This vaccine can effective against cervical cancer

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In a new study, researchers found that women vaccinated against HPV have a significantly lower risk of developing cervical cancer, and the positive effect is most pronounced for women vaccinated at a young age.

This is the first time that scientists, on a population level, are able to show that HPV vaccination is protective not only against cellular changes that can be precursors to cervical cancer but also against actual invasive cervical cancer.

The research was conducted by a team at Karolinska Institutet in Sweden.

HPV (human papillomavirus) is a group of viruses that commonly causes genital warts and different types of cancer, including cervical cancer, a disease that globally kills more than 250,000 women a year.

More than 100 countries have implemented national vaccination programs against HPV, and Sweden as of August 2020 also includes boys in this program.

Previous studies have shown that the HPV vaccine protects against HPV infection, genital warts and precancerous cervical lesions that could develop into cancer of the cervix.

However, there is a lack of large population-based studies that on an individual level have studied the link between the HPV vaccine and so-called invasive cervical cancer, which is the most severe form of the disease.

In this study, the researchers during a period of 11 years followed almost 1.7 million women between the ages of 10 and 30. Of those women, more than 500,000 were vaccinated against HPV, the majority before the age of 17.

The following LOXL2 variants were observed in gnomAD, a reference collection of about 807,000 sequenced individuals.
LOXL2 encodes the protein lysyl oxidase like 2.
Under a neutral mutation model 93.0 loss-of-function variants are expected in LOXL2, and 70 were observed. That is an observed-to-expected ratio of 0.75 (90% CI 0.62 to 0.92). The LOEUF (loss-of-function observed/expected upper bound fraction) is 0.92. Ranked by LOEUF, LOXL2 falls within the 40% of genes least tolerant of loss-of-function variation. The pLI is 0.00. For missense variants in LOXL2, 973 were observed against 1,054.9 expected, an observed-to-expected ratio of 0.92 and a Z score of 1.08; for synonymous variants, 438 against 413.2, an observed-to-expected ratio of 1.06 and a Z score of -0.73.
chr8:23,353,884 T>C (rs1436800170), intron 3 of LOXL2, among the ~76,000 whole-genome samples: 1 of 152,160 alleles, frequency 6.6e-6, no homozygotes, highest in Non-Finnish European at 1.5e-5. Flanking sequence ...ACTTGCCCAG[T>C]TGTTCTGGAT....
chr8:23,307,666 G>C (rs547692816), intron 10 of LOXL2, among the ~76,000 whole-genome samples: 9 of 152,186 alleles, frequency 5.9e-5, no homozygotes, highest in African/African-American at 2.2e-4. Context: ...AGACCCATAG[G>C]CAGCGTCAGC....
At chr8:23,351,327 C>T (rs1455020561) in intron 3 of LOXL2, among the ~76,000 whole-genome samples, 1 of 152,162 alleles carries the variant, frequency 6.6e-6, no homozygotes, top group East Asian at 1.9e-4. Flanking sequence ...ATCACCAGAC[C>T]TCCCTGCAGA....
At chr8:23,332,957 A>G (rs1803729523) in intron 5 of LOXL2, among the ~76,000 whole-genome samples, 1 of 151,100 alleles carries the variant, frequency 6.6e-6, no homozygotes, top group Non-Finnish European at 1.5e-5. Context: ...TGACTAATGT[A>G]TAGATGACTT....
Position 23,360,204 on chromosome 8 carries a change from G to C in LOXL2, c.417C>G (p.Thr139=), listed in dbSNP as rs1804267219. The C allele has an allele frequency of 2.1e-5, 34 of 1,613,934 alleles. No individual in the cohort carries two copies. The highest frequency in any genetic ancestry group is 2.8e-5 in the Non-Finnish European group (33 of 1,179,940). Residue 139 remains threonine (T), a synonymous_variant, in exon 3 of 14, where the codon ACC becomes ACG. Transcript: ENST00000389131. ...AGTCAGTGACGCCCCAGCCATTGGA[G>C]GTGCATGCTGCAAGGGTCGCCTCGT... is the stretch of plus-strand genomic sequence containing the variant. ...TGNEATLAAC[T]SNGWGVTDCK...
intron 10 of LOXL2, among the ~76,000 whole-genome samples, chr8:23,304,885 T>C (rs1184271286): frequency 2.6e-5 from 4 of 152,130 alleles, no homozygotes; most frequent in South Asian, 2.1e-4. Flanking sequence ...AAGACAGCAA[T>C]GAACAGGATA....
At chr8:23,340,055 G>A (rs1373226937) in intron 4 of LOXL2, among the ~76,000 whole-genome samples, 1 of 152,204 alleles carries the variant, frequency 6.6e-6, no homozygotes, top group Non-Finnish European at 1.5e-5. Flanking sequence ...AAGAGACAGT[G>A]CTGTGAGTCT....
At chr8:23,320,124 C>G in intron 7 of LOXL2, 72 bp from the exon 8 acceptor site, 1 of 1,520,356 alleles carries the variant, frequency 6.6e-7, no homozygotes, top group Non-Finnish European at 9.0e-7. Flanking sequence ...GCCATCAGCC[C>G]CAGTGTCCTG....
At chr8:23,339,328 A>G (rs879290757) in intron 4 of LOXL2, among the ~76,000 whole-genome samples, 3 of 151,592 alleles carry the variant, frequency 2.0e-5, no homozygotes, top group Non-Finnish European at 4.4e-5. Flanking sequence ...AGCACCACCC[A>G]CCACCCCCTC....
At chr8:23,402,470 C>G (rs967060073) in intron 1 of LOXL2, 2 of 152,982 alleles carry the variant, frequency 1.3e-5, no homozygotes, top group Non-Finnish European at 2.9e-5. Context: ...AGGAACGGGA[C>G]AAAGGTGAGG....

Nineteen vaccinated women were diagnosed with cervical cancer compared to 538 unvaccinated women.

The researchers’ analysis shows that HPV vaccination was linked to a much-reduced risk of cervical cancer and that girls vaccinated before age 17 reduced their risk of cervical cancer by 88%.

Women vaccinated between ages 17 and 30 halved their risk of cervical cancer compared to unvaccinated women.

The team says girls vaccinated at a young age seem to be more protected, probably because they are less likely to have been exposed to HPV infection and given that HPV vaccination has no therapeutic effect against a pre-existing infection.

One author of the study is Jiayao Lei, a researcher at the Department of Medical Epidemiology and Biostatistics.

The study is published in the New England Journal of Medicine.

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